When speaking to vets around the country for last week’s animal health focus, it struck me how worried they are about losing some of our common antibiotics and how our farming systems will have to change to cope with reduced antibiotics in the future.

Losing these antibiotics isn’t happening for no reason – their use over the years has led to the development of resistance to some antibiotics and with that comes the risk of losing these antibiotics for humans as well.

The level of antibiotic usage on Irish beef farms is very low. However, we still have to be careful and make sure farmers do everything in their power to avoid having to go down the road of losing some of the critically important antibiotics in livestock farming.

What is antimicrobial resistance (AMR)?

AMR happens when micro-organisms such as bacteria, fungi or parasites change after exposure to antimicrobial drugs, such as antibiotics or anthelmentics, and, as a result, these medicines become ineffective, causing infections to persist in the body of animals or humans and increase the risk of spreading the disease to others or not being able to cure the animal or person treated.

What can farmers do to prevent antimicrobial resistance?

One of the main ways of reducing the risk of antimicrobial resistance (AMR) on your farm is by keeping animals healthy through good management.

Healthy animals will have a good immune system, so therefore should be able to fight off small infections. Vaccination has a big role to play and will become more and more important in the future as we try to move away from overusing antibiotics.

Good nutrition also has a role to play, along with a parasite control plan for the farm, making sure the animals are not compromised in any way.

Antibiotics shouldn’t be looked upon as a standard treatment for sick animals and both vets and farmers are expected to use antibiotics in a prudent and responsible manner.

Herd health planning

We all like the idea of herd health planning and think it’s a great idea that should be done, but how many of us actually pay any attention to it and implement a plan?

We have a poor history with herd health planning in this country. In other countries, vets plan their week with routine visits to farms, essentially catching up with farmers, monitoring health incidences, performance, etc.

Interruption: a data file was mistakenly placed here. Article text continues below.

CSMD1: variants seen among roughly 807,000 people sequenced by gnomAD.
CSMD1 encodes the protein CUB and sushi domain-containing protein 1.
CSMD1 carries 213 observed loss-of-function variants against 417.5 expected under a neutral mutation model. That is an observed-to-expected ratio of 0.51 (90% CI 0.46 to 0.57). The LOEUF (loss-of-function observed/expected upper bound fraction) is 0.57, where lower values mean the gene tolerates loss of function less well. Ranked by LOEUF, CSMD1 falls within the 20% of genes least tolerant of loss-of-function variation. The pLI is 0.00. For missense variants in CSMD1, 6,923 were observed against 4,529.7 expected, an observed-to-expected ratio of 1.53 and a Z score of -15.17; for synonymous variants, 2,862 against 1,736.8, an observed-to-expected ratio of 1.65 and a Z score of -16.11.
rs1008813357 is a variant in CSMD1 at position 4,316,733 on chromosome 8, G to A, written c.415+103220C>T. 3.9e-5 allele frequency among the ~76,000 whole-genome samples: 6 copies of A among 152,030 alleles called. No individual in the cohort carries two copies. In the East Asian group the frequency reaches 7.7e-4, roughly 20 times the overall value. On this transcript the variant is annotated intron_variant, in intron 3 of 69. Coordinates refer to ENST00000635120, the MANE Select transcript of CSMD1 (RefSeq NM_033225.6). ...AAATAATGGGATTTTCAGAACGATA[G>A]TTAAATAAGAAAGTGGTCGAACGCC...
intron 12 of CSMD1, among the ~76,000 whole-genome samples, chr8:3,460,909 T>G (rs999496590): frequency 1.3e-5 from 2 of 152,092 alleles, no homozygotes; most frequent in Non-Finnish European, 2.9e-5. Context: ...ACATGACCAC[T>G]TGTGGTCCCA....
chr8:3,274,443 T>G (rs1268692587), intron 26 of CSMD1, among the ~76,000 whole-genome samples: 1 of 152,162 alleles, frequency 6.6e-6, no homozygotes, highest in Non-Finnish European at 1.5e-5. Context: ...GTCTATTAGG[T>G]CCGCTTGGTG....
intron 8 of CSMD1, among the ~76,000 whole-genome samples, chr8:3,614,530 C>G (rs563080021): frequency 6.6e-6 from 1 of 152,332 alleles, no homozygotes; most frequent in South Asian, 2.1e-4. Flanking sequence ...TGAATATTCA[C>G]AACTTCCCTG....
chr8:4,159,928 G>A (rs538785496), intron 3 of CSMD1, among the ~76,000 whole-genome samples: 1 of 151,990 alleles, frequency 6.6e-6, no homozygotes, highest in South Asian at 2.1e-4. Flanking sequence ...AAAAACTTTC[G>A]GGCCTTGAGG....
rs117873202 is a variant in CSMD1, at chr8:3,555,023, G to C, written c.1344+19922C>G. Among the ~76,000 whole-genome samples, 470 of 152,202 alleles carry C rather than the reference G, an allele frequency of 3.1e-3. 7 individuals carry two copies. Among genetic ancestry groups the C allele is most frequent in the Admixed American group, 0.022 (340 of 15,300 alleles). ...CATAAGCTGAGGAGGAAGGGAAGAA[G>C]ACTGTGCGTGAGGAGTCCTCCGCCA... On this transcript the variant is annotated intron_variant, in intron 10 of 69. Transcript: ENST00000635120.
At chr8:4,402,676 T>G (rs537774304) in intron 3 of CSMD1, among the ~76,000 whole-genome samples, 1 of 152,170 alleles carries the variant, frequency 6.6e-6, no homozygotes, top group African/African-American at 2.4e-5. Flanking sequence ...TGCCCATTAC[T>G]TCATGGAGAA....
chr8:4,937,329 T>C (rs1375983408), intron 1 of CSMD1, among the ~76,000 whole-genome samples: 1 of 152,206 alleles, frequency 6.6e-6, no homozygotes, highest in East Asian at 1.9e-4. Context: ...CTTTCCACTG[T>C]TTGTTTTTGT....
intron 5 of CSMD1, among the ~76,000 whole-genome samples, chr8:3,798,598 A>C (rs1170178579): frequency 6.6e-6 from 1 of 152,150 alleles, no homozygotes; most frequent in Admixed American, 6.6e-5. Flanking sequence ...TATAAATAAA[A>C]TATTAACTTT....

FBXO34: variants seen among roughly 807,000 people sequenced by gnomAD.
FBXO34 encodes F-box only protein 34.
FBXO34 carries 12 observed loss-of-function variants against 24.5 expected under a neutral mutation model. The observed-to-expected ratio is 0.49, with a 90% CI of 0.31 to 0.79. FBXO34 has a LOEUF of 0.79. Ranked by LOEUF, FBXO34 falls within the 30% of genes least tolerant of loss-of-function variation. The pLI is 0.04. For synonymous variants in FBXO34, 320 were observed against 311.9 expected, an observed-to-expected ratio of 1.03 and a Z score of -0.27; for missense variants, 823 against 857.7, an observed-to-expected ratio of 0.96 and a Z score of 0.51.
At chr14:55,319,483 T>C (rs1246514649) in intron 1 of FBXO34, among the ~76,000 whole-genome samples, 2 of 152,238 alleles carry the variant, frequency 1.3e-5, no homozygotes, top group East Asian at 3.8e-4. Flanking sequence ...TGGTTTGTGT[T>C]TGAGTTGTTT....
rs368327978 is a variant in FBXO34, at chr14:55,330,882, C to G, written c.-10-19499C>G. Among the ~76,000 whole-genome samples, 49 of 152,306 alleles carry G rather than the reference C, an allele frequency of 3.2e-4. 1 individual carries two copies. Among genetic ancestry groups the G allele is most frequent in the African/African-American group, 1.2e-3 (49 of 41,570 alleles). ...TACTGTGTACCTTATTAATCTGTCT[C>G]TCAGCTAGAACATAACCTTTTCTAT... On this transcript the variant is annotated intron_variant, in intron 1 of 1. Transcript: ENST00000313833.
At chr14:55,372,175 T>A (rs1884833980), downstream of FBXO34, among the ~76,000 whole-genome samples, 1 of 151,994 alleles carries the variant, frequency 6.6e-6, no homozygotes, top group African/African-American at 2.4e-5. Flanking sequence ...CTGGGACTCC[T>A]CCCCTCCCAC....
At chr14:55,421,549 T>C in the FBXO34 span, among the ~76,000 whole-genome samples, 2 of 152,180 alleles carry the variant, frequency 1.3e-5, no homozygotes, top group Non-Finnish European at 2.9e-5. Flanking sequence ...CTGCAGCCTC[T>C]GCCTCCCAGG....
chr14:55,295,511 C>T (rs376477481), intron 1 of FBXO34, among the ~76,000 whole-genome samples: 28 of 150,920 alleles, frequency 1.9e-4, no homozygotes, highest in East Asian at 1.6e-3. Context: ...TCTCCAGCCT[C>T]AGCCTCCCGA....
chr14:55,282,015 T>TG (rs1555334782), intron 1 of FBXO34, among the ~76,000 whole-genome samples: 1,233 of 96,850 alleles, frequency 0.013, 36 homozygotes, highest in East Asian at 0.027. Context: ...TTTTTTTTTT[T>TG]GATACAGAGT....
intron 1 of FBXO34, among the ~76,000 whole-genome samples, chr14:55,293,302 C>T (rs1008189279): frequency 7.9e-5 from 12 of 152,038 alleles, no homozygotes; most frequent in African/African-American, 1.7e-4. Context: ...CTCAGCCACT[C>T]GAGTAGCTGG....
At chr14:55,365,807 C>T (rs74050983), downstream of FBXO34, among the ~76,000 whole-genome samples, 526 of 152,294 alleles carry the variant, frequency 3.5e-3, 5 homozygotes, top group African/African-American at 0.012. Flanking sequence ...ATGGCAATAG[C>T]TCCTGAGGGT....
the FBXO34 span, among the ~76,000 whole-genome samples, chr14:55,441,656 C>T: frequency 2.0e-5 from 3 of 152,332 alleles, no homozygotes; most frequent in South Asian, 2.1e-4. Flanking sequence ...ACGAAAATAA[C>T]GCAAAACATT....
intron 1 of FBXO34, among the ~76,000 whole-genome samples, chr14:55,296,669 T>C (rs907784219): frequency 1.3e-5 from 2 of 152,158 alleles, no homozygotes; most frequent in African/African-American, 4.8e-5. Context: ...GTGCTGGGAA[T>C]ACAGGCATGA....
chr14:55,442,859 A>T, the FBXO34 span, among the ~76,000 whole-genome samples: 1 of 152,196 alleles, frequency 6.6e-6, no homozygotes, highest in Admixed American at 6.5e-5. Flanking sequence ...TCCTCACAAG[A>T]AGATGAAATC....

It means issues are caught much quicker, before they become a big problem. Farmers see a real value in this service and pay accordingly.

In Ireland, some farmers think it’s great if the vet hasn’t been on the farm for the last six months. I think this will have to change if we are to take herd health planning seriously.

The busy nature of large animal practices means many vets don’t have time to spend going through data or monitoring health situations on farms.

In the last knowledge transfer programme, the option was there for health plans, but it was a box-ticking exercise for many vets and farmers, and few took it very seriously.

The vet has to be central in the process, but there are others, including the agricultural advisor, the scanning operator, hoof trimmer, AI technician and family members, who all provide valuable information for the drawing up of a herd health plan.

This doesn’t have to be an 80-page document highlighting every detail of the farm, but rather a simple go-to document to summarise what needs to happen on the farm on a monthly basis from an animal health point of view, such as timely reminders of what to do in relation to vaccinations, faecal testing, scanning, etc.

It also doesn’t mean stuffing it into the bottom drawer in the office and forgetting about it. The plan should be reviewed on an annual basis with the vet and farmer and be revised as things on the farm change and outbreaks of disease occur.

Farmers and vets have a role to play and only through working together and communicating can things change.

That means leaving the fire brigade model behind us and embracing herd health planning as a tool to help improve profitability on beef farms and do our bit in the fight against resistance.

Reducing use of antibiotics on beef farms

  • Make sure that calves receive 3l of colostrum within two hours of birth. Any calf that required assistance at calving should be stomach-tubed the colostrum.
  • Make sure calving pens are cleaned regularly and ample straw is used around calving.
  • Use a navel treatment (iodine or chlorohexidine) to help dry up calf navels and reduce infections.
  • If handling cows, make sure hands are clean and always use gloves to reduce the chances of the cow contracting an infection post-calving.
  • Make sure calves have a dry lie and eliminate any low-level drafts in creep areas that could lead to pneumonia.
  • Space is important and making sure you have adequate loose straw-bedded sheds at calving time is important.
  • Adequate help is also important. Spring is an extremely busy time on beef and sheep farms and having good help is important, especially if and when things go wrong.